Local

1928 Ford Tri-Motor plane’s next stop: Lompoc

Flying over Paso Robles in a Ford Tri-Motor airplane

Pilot Randy Hooper talks about the history of the Ford Tri-Motor airplane and takes people on a flight over the city of Paso Robles on April 16, 2015.
Up Next
Pilot Randy Hooper talks about the history of the Ford Tri-Motor airplane and takes people on a flight over the city of Paso Robles on April 16, 2015.

If you recently heard a loud buzzing in the sky and saw a plane that resembled the aircraft depicted in scenes from an Indiana Jones movie, then you probably spotted the 1928 Ford Tri-Motor plane that soared over parts of San Luis Obispo County recently.

The plane’s visit was part of a national tour that offered rides to the public at the Paso Robles Municipal Airport and San Luis Obispo County Regional Airport over the past week.

The plane’s next stops are in Lompoc from Thursday through Saturday and in Camarillo from Feb. 23 to Feb. 26.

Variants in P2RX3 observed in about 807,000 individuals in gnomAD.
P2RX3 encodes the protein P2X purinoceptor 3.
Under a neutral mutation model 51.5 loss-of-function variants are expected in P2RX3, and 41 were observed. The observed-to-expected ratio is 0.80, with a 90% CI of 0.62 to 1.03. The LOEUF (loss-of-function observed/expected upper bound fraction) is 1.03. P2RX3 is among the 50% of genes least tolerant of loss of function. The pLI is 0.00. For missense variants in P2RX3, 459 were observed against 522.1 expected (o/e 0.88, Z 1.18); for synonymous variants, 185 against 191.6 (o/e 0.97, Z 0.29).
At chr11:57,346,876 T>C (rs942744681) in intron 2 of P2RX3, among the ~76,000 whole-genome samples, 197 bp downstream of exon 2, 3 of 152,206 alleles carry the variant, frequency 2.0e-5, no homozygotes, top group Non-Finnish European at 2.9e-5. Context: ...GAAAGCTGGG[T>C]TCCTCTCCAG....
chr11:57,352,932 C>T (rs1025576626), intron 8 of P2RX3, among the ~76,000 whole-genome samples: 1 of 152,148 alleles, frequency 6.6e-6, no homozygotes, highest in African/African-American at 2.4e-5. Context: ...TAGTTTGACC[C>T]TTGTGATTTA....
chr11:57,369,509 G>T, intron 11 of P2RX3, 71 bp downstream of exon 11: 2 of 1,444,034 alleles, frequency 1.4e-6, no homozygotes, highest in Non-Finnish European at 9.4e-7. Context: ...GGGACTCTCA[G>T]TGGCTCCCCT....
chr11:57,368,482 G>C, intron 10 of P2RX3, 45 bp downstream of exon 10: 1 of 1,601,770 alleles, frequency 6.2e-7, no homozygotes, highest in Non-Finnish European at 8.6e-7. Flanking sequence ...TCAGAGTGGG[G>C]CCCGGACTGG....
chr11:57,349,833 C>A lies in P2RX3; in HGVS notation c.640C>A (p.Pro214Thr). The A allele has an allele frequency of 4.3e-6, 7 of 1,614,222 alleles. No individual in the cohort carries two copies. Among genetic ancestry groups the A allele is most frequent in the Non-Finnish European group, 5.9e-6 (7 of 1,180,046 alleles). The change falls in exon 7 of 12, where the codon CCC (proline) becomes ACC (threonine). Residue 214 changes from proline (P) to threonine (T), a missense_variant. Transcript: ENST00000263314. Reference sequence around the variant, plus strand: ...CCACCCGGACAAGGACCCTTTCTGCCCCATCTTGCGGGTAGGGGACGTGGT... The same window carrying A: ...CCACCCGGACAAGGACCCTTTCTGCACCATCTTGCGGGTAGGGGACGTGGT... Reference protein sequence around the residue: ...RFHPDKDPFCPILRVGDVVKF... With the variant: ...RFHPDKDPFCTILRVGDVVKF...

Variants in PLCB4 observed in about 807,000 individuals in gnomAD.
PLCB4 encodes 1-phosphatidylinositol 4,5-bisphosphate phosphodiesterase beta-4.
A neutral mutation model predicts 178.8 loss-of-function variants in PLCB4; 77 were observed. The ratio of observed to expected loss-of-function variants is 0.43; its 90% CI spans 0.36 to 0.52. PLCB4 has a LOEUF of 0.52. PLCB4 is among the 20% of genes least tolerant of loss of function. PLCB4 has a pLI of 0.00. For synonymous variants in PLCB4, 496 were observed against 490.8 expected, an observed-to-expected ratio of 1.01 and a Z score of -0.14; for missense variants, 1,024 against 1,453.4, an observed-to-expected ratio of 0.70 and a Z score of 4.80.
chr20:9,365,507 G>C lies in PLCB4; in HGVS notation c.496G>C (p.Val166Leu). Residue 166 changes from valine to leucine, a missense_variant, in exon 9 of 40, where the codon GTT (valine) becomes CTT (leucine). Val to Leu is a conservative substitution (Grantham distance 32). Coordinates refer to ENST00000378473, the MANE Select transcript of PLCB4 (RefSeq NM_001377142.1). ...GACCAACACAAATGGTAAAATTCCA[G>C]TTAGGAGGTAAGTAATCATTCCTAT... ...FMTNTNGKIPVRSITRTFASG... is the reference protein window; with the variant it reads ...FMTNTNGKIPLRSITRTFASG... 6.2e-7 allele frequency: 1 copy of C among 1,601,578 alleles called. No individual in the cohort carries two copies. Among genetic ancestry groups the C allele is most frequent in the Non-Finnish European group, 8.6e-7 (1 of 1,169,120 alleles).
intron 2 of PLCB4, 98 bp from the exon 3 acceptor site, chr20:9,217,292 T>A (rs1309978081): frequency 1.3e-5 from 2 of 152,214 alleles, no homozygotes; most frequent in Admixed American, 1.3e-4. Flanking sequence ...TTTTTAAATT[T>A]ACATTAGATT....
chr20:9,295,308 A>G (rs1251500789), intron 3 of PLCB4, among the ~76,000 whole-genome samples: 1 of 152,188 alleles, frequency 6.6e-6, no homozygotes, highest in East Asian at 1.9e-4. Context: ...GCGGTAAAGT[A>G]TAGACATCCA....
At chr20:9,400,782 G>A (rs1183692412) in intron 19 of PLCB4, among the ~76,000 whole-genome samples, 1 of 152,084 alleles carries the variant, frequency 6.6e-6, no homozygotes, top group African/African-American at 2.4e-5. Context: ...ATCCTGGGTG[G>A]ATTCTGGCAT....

The vintage Tri-Motor planes, built in the Detroit area, were known as the first successful passenger airplane, and they helped redefine world travel and the beginning of commercial flight, according to the Experimental Aircraft Association, the nonprofit organization that organizes national tours of the plane.

“The Ford Motor company built only 199 of the airplanes between 1926 and 1933,” said Dick Knapinski, the EAA’s director of communications. “Most of them were built before 1930.”

The historic aircraft visited the Paso Robles airport on Friday and Saturday and the San Luis Obispo airport on Sunday and Monday.

“Although it had only a short time in the spotlight, the fact that Henry Ford and the Ford Motor Co. took an interest in airplanes helped move scheduled passenger flight forward in America,” Knapinski said.

The advance purchase flight price is $70 for adults and $50 for passengers 17 and younger. Walk-up flights on the day of the tour are $75 per seat.

Ticket sales from rides on the plane support the EAA, which is dedicated to building, flying, restoring, or enjoying aircraft. EAA currently has 200,000 members in more than 100 countries.

The complete upcoming schedule is at www.flytheFord.org.

  Comments